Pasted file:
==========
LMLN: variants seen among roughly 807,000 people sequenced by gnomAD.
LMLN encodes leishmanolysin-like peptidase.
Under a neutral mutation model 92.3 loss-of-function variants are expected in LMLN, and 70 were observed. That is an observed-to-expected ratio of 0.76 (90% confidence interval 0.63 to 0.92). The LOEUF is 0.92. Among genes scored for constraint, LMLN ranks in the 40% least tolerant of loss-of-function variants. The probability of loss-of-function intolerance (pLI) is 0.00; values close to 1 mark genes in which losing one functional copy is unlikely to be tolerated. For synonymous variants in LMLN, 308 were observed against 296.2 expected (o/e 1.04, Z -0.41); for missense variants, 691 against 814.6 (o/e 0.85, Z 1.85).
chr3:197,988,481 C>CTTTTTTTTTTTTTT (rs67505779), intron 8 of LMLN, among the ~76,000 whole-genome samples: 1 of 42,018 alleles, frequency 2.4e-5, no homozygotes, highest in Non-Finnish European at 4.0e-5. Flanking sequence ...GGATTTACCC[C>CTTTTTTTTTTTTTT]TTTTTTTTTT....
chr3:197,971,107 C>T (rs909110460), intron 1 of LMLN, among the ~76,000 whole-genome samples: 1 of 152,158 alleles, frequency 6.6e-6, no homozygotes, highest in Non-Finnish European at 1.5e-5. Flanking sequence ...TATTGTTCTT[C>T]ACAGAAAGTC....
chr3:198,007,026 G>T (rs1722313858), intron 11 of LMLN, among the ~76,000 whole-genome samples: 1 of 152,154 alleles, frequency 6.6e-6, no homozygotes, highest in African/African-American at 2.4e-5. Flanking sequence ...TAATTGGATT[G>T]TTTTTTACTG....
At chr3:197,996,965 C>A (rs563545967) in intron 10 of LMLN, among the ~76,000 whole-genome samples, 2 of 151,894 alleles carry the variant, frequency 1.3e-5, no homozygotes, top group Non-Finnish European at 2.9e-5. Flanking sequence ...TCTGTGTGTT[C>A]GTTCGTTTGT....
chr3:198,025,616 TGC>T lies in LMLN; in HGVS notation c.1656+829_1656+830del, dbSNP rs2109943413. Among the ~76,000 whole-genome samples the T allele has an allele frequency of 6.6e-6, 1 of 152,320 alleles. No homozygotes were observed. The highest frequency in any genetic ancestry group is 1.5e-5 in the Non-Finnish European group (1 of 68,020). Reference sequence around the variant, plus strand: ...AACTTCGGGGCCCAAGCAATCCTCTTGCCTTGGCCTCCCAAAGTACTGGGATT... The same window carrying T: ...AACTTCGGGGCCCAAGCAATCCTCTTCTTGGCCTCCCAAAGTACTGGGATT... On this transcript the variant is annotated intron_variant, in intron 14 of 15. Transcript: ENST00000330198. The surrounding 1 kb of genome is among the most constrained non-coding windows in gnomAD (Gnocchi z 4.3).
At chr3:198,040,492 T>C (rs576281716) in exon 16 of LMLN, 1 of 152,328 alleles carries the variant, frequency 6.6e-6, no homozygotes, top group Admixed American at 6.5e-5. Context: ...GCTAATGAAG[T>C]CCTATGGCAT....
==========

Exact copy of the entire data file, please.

LMLN: variants seen among roughly 807,000 people sequenced by gnomAD.
LMLN encodes leishmanolysin-like peptidase.
Under a neutral mutation model 92.3 loss-of-function variants are expected in LMLN, and 70 were observed. That is an observed-to-expected ratio of 0.76 (90% confidence interval 0.63 to 0.92). The LOEUF is 0.92. Among genes scored for constraint, LMLN ranks in the 40% least tolerant of loss-of-function variants. The probability of loss-of-function intolerance (pLI) is 0.00; values close to 1 mark genes in which losing one functional copy is unlikely to be tolerated. For synonymous variants in LMLN, 308 were observed against 296.2 expected (o/e 1.04, Z -0.41); for missense variants, 691 against 814.6 (o/e 0.85, Z 1.85).
chr3:197,988,481 C>CTTTTTTTTTTTTTT (rs67505779), intron 8 of LMLN, among the ~76,000 whole-genome samples: 1 of 42,018 alleles, frequency 2.4e-5, no homozygotes, highest in Non-Finnish European at 4.0e-5. Flanking sequence ...GGATTTACCC[C>CTTTTTTTTTTTTTT]TTTTTTTTTT....
chr3:197,971,107 C>T (rs909110460), intron 1 of LMLN, among the ~76,000 whole-genome samples: 1 of 152,158 alleles, frequency 6.6e-6, no homozygotes, highest in Non-Finnish European at 1.5e-5. Flanking sequence ...TATTGTTCTT[C>T]ACAGAAAGTC....
chr3:198,007,026 G>T (rs1722313858), intron 11 of LMLN, among the ~76,000 whole-genome samples: 1 of 152,154 alleles, frequency 6.6e-6, no homozygotes, highest in African/African-American at 2.4e-5. Flanking sequence ...TAATTGGATT[G>T]TTTTTTACTG....
At chr3:197,996,965 C>A (rs563545967) in intron 10 of LMLN, among the ~76,000 whole-genome samples, 2 of 151,894 alleles carry the variant, frequency 1.3e-5, no homozygotes, top group Non-Finnish European at 2.9e-5. Flanking sequence ...TCTGTGTGTT[C>A]GTTCGTTTGT....
chr3:198,025,616 TGC>T lies in LMLN; in HGVS notation c.1656+829_1656+830del, dbSNP rs2109943413. Among the ~76,000 whole-genome samples the T allele has an allele frequency of 6.6e-6, 1 of 152,320 alleles. No homozygotes were observed. The highest frequency in any genetic ancestry group is 1.5e-5 in the Non-Finnish European group (1 of 68,020). Reference sequence around the variant, plus strand: ...AACTTCGGGGCCCAAGCAATCCTCTTGCCTTGGCCTCCCAAAGTACTGGGATT... The same window carrying T: ...AACTTCGGGGCCCAAGCAATCCTCTTCTTGGCCTCCCAAAGTACTGGGATT... On this transcript the variant is annotated intron_variant, in intron 14 of 15. Transcript: ENST00000330198. The surrounding 1 kb of genome is among the most constrained non-coding windows in gnomAD (Gnocchi z 4.3).
At chr3:198,040,492 T>C (rs576281716) in exon 16 of LMLN, 1 of 152,328 alleles carries the variant, frequency 6.6e-6, no homozygotes, top group Admixed American at 6.5e-5. Context: ...GCTAATGAAG[T>C]CCTATGGCAT....